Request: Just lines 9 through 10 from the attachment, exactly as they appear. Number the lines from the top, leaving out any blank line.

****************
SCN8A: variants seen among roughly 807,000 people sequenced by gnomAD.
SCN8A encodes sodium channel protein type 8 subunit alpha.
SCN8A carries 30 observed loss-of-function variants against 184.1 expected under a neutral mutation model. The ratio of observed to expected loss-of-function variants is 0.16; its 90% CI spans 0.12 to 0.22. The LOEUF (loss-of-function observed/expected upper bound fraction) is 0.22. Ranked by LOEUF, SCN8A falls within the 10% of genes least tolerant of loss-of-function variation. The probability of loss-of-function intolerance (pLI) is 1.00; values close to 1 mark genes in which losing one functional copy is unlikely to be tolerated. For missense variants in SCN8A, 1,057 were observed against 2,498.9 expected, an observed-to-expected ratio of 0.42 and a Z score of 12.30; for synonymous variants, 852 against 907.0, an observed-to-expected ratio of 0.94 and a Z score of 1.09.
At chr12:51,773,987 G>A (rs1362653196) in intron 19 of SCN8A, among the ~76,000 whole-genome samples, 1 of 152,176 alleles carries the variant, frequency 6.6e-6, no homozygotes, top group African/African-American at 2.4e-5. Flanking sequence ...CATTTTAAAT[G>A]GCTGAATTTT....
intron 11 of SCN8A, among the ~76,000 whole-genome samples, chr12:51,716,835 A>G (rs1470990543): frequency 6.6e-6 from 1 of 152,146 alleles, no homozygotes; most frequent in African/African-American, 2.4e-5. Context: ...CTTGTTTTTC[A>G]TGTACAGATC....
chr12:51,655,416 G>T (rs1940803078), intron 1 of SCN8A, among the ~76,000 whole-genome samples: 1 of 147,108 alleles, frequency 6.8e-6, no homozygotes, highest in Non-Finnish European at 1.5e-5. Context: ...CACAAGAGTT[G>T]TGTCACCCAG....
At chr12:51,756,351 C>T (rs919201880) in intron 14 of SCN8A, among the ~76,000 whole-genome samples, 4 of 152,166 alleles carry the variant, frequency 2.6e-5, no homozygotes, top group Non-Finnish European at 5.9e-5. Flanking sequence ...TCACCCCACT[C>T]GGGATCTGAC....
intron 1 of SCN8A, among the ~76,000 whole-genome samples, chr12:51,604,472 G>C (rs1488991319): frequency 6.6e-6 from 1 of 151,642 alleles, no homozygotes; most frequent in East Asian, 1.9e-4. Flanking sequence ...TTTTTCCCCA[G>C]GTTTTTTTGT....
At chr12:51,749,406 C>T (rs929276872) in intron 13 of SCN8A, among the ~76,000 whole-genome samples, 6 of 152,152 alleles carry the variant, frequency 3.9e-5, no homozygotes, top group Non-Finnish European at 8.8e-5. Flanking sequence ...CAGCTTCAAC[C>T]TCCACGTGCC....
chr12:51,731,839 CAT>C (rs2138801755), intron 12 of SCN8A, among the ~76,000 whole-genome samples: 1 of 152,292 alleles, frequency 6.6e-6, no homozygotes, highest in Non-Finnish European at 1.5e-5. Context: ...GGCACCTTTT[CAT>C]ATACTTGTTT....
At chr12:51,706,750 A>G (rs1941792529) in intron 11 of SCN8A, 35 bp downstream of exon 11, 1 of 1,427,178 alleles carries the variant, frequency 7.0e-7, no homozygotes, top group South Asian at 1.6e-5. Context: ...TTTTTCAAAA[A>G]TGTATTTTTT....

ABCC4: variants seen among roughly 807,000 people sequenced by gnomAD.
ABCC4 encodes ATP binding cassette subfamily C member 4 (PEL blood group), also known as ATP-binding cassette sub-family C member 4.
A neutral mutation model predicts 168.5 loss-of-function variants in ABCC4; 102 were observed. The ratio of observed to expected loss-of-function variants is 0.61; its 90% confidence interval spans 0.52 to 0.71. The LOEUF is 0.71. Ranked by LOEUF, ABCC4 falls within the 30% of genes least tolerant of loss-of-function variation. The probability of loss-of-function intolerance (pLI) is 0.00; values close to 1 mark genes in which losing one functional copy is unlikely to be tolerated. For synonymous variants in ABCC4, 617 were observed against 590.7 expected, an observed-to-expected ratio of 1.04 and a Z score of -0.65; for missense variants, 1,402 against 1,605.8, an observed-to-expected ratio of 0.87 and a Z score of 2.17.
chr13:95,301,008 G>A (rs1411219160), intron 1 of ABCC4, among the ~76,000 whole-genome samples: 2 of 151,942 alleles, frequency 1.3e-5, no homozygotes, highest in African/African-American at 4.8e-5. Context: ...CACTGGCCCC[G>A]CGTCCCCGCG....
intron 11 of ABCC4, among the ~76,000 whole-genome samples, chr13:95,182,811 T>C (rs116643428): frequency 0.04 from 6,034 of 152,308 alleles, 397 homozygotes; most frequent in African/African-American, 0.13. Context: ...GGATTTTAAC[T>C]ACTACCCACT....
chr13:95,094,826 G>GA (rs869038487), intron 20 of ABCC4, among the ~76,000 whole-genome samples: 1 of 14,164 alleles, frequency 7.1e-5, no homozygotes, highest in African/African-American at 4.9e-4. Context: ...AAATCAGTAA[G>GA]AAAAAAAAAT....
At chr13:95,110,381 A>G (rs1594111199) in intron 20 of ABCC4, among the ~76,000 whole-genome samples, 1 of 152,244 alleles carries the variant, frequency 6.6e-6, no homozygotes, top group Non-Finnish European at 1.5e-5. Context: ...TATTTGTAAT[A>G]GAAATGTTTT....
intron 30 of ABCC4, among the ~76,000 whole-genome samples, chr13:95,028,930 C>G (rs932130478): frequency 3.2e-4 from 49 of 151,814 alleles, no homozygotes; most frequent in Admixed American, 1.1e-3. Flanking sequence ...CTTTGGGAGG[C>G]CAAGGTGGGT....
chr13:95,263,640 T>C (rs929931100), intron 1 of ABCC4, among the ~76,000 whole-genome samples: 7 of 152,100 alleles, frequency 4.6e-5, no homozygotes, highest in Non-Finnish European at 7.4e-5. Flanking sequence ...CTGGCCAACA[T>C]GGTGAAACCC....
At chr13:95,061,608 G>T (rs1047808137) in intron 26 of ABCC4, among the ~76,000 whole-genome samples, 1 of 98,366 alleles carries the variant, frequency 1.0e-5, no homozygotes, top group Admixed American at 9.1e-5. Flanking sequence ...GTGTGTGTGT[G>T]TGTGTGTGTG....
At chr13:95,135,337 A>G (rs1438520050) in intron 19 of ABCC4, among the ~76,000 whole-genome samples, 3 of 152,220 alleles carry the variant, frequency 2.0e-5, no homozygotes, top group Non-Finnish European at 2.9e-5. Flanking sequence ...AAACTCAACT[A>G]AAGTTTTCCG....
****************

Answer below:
At chr12:51,749,406 C>T (rs929276872) in intron 13 of SCN8A, among the ~76,000 whole-genome samples, 6 of 152,152 alleles carry the variant, frequency 3.9e-5, no homozygotes, top group Non-Finnish European at 8.8e-5. Flanking sequence ...CAGCTTCAAC[C>T]TCCACGTGCC....
chr12:51,731,839 CAT>C (rs2138801755), intron 12 of SCN8A, among the ~76,000 whole-genome samples: 1 of 152,292 alleles, frequency 6.6e-6, no homozygotes, highest in Non-Finnish European at 1.5e-5. Context: ...GGCACCTTTT[CAT>C]ATACTTGTTT....